Thursday, April 8, 2010

Inside the Self-Published Book--Richard Cutler as Case Study

It was over a year ago that Richard W. Cutler contacted me about his new book, I Came, I Saw, I Wrote: A Risk-Taker's Life in Law, Espionage, Community Service, Start-Ups, and Writing.

The author of Greater Milwaukee's Growing Pains and Counterspy had written a memoir. The manuscript was pretty much done, but the new book certainly incorporated aspects of the other books. After all, his war career was pretty much about intelligence, and his law career was highlighted by working on regional issues. Sometimes the issue was about municipalities working together, and sometimes (as in the 1950's, when Cutler faced down Zeidler over the annexation of nearby towns), it was about municipalities working separately.

Just to reemphasize how bookselling is about diverse ideas (that I think we have a chance of selling), I made arrangements for Cutler's new book the same week I brought back in Mayor Zeidler's memoir, which we hadn't had in stock since the transition to Boswell. But I jump ahead here.)

We talked about the options for the book. It was my thought that a book on how Cutler's training during the war affected his post-war law practice. I had rigged up this whole gimmick in my head--Counterspy For Success, and could imagine it being a hit with just the right business publisher.

Only one problem. That wasn't the book that was written. And I hadn't read it yet, so I didn't know what was in it. One day I will write a post on reading unpublished manuscripts.

After looking at several options, Cutler decided to produce the book himself. There's really great talent in the Milwaukee area, and he took advantage of it. The book was printed by Burton & Meyer, marketing efforts are being coordinated by Luminaries, and the cover shot was done by Deone Jahnke.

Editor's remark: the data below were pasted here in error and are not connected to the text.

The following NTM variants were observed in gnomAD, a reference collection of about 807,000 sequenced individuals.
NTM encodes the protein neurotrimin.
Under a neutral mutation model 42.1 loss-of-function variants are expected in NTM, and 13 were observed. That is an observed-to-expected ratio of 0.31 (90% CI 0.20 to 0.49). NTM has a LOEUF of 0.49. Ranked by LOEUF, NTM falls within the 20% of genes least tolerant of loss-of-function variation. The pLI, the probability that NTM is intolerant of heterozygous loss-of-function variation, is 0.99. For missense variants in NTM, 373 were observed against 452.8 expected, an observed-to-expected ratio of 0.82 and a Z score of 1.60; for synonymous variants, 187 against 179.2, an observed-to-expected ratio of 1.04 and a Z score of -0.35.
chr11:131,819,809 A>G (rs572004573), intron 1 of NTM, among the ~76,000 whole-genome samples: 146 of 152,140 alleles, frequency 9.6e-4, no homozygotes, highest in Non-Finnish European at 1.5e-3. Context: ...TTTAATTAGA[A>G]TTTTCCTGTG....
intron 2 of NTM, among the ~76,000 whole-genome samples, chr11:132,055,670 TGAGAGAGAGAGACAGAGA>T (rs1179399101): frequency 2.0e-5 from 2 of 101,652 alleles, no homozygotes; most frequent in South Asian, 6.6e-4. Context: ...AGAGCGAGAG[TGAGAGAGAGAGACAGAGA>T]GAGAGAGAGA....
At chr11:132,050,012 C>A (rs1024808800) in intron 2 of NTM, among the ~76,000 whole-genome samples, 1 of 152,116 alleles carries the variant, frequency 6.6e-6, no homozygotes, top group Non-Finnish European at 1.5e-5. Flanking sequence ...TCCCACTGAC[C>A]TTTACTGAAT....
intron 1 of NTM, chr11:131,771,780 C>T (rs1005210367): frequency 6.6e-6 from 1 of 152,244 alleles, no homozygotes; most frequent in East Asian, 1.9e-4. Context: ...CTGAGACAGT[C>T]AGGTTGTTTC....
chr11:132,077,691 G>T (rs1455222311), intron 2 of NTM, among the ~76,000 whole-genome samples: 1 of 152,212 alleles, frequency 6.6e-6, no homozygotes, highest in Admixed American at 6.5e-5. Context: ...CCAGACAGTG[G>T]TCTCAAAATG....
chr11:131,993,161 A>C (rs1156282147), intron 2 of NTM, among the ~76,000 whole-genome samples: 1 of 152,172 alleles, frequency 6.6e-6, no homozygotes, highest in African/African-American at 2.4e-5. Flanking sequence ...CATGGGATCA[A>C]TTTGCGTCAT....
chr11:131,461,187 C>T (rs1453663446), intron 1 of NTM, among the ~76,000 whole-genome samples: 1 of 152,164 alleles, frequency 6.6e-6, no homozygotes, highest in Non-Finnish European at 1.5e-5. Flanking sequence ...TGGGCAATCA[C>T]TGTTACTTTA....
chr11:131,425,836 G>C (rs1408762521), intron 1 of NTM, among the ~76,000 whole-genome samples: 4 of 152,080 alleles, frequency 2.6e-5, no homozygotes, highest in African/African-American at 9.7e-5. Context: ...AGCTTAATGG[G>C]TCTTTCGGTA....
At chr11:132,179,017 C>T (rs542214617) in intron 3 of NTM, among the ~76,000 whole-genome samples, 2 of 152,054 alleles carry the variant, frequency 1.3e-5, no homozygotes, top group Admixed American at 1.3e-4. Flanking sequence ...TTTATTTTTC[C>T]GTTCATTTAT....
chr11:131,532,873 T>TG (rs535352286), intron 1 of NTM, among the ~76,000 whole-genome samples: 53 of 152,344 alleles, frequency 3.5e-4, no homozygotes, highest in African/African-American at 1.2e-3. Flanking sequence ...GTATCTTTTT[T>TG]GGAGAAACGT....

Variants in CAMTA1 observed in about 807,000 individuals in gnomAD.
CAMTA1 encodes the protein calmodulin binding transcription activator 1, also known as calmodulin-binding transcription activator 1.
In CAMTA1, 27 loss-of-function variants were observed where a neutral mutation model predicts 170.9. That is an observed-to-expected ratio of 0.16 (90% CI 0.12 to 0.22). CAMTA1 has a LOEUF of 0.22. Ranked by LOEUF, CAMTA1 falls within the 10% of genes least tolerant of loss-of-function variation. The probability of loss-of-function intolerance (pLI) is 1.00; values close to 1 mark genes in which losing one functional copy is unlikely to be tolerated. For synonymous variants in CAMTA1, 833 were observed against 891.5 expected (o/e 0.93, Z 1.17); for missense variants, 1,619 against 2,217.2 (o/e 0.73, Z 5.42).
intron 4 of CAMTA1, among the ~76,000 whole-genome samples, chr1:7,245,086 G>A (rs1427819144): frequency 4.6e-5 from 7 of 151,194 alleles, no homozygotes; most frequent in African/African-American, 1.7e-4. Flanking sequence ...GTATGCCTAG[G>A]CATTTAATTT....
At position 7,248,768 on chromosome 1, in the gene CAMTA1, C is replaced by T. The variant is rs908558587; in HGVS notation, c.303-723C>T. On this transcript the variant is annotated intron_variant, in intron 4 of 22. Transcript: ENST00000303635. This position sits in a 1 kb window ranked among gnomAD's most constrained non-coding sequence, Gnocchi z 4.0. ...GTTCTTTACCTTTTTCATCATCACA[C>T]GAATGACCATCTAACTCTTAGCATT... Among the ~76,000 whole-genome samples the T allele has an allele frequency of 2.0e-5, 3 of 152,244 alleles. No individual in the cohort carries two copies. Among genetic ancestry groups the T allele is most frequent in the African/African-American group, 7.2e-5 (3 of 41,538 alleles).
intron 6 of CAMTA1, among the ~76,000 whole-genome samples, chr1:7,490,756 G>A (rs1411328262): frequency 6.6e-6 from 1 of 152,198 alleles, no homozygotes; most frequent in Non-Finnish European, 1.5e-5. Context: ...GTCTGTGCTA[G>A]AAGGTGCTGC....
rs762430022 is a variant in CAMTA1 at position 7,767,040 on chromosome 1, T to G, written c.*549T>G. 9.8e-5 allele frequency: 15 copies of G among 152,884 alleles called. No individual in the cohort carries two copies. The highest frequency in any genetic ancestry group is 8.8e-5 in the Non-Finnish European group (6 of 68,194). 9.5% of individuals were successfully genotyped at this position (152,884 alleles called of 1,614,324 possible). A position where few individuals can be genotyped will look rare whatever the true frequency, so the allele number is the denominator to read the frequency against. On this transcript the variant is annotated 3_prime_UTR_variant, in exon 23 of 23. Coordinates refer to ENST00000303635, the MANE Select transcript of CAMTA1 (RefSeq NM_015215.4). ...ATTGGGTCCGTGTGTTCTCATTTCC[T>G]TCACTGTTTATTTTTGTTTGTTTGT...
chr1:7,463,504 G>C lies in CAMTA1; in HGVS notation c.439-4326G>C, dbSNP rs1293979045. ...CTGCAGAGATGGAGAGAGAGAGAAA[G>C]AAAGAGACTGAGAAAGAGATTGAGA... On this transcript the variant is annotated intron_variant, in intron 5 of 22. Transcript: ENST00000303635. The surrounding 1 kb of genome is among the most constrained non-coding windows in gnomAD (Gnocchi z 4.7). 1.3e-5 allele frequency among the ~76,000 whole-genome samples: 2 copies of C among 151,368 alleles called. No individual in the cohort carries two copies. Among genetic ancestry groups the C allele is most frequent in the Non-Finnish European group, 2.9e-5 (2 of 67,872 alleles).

The book chronicles Cutler's legal career, mostly in the firms that consolidated to become the modern Quarles and Brady. Not only was he involved in the creation of the current makeup of the cities and villages of Milwaukee and Waukesha Counties, he was helped in the purchase of the Milwaukee Brewers. And I would be remiss if I didn't mention Cutler was the son in law of Edmund Fitzgerald, the man the ship was named for that sank in the 1970's. I feel just steps removed from Gordon Lightfoot.

I heard the event at Next Chapter was very successful. Did you miss it? We're hosting Cutler on Thursday, April 29th, at 7 PM. (Thanks to Kirk for noticing that I wrote the piece as if the Mequon event hadn't yet happened. I wrote it several days ago and wound up moving it).

The book retails for $19.95 and is available at both bookstores. We've also posted it on a popular website, using their marketplace program.

More in the Journal Sentinel.

No comments: